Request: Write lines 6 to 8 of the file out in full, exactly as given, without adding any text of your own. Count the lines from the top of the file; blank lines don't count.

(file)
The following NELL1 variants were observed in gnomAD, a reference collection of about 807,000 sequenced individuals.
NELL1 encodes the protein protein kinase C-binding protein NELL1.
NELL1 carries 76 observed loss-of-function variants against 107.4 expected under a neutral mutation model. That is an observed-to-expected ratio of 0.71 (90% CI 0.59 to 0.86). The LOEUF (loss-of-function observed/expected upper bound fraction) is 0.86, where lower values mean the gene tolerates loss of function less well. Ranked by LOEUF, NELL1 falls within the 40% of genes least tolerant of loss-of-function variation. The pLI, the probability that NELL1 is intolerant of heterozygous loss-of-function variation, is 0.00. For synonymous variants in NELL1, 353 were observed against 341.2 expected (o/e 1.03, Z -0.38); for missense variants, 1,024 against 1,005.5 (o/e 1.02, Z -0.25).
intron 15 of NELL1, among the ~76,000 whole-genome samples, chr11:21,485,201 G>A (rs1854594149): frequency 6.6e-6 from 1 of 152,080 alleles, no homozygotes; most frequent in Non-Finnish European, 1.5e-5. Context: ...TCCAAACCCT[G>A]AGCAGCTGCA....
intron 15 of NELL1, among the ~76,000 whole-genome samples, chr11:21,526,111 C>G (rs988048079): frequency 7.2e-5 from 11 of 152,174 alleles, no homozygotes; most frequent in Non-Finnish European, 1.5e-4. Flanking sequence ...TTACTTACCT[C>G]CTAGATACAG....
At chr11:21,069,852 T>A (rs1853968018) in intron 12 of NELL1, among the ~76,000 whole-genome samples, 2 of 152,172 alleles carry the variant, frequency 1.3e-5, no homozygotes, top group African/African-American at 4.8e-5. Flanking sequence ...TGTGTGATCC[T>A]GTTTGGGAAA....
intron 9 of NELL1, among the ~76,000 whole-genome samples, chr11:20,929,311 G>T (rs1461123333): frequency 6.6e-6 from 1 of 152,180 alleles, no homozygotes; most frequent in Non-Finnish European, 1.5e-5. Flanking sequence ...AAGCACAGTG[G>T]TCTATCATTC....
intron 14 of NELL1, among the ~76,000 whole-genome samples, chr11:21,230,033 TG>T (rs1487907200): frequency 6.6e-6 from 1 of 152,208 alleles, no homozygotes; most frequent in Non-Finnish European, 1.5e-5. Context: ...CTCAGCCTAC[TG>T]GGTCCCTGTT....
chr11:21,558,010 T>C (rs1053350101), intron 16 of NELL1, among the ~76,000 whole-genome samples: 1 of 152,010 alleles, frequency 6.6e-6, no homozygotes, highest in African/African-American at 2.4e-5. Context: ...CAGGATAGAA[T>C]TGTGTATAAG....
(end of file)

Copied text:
At chr11:21,069,852 T>A (rs1853968018) in intron 12 of NELL1, among the ~76,000 whole-genome samples, 2 of 152,172 alleles carry the variant, frequency 1.3e-5, no homozygotes, top group African/African-American at 4.8e-5. Flanking sequence ...TGTGTGATCC[T>A]GTTTGGGAAA....
intron 9 of NELL1, among the ~76,000 whole-genome samples, chr11:20,929,311 G>T (rs1461123333): frequency 6.6e-6 from 1 of 152,180 alleles, no homozygotes; most frequent in Non-Finnish European, 1.5e-5. Flanking sequence ...AAGCACAGTG[G>T]TCTATCATTC....
intron 14 of NELL1, among the ~76,000 whole-genome samples, chr11:21,230,033 TG>T (rs1487907200): frequency 6.6e-6 from 1 of 152,208 alleles, no homozygotes; most frequent in Non-Finnish European, 1.5e-5. Context: ...CTCAGCCTAC[TG>T]GGTCCCTGTT....